WASHINGTON — The recent spate of price increases for prescription drugs got more attention Monday as a Minnesota lawmaker called for new policies to combat rising drug prices in the pharmaceutical industry.
Sen. Amy Klobuchar, D-Minn, at the Center for American Progress (CAP) Action Fund, focused on EpiPen, an allergy treatment medication from Mylan N.V. The cost of the device has risen nearly 500 percent since 2007, according to Klobuchar. Just last week Heather Bresch, CEO of the pharmaceutical giant, testified before a House committee concerning the recent price increase of the allergy treatment.
“The recent outrage surrounding the huge price increase on EpiPen is just the latest in a long list,” Klobuchar said. “Prescription drugs increased by more than 12 percent in spending in 2014. In 2013, there was only a 2.4 percent increase.”
The pricing decisions of pharmaceutical companies came under scrutiny about a year ago when Turing Pharmaceuticals, led by then-CEO Martin Shkreli, acquired the manufacturing license for Daraprim, a drug often used to help medicate individuals with HIV. The firm then raised the price of the drug overnight to $750 from $13.50, a raise of over five thousand percent.
Klobuchar, the top Democrat on the Senate Judiciary antitrust subcommittee, said the panel’s role is to make sure the playing field is even between companies and consumers and “right now, the playing field isn’t even.”
One of Klobuchar’s plans for dealing with the situation is winning approval for a bill she cosponsored that’s designed to make it easier for generic drugs to reach the market. The CREATES Act, introduced last summer, would end any delay tactics used by drug manufacturers to block the competition from off-brand drugs, Klobuchar said.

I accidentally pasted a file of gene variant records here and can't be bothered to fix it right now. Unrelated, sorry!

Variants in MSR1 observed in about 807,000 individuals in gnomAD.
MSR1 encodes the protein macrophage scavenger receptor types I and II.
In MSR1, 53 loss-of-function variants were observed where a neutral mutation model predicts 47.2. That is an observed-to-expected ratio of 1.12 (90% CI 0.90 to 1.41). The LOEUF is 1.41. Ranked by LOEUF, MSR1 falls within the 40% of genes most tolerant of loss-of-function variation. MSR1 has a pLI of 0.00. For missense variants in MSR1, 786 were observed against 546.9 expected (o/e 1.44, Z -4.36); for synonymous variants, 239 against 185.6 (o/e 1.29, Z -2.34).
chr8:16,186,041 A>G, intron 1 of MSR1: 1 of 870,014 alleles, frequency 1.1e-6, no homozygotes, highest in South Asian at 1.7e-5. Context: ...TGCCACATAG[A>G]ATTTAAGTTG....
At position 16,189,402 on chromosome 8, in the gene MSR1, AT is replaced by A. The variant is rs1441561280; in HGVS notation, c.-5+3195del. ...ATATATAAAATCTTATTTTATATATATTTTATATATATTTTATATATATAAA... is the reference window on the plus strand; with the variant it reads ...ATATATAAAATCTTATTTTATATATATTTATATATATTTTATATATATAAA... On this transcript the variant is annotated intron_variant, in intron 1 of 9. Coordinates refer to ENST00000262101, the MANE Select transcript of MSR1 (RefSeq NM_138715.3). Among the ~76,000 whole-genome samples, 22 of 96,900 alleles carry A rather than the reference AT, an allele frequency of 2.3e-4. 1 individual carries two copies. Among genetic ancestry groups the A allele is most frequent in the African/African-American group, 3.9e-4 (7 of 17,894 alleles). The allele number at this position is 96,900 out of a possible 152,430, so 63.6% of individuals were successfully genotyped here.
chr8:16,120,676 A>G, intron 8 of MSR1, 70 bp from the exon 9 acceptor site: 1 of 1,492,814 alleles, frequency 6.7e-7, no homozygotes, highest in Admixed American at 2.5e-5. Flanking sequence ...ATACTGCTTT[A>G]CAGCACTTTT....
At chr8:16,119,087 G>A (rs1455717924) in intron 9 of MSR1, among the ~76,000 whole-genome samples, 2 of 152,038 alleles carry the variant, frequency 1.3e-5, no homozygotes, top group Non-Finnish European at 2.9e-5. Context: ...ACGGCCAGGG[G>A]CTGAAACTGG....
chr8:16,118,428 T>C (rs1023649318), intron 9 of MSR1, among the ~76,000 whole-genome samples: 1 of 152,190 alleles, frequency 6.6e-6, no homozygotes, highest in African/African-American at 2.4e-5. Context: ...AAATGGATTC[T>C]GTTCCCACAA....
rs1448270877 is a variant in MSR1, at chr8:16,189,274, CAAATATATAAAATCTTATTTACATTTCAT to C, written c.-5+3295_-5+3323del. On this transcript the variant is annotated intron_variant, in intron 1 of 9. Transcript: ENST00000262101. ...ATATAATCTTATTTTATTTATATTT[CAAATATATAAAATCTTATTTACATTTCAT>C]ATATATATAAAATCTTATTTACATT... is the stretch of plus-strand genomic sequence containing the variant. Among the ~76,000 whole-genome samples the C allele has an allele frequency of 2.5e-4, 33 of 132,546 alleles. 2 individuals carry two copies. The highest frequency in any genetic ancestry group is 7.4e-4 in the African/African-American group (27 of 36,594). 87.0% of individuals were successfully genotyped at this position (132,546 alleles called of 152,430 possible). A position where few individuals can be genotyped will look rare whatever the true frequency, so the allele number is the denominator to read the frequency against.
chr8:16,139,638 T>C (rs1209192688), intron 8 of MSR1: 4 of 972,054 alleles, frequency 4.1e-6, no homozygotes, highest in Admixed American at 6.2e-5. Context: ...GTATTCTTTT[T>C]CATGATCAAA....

Her cosponsors include a fellow Democrat, Sen. Patrick Leahy of Vermont, and two Republicans, Sen. Chuck Grassley of Iowa and Sen. Mike Lee of Utah.
According to Conn Carroll, communications director for Sen. Lee, there is a loophole in existing law where brand-name drug companies can limit the amount of a sample that generic drug companies can obtain. That makes it harder to develop a generic version.
“[This bill] is an attempt to make drugs more affordable,” he said. “The problem is with drug companies abusing the regulatory process to keep generic drugs out.”
In a statement in June, Grassley told the antitrust committee, “[The bill] does provide for a faster, less complex, avenue to get lower cost, safe generic drugs on the market as soon as possible.”
Klobuchar also spoke of the need for better regulation to avoid misclassification of drugs which can lead to much more expensive out-of-pocket expenses for consumers.
“People are going to have to be held accountable for these price increases,” Klobuchar said. “I don’t know any other way to do it. Things are completely off-balance and off-kilter and it’s the American people who are suffering because of it.”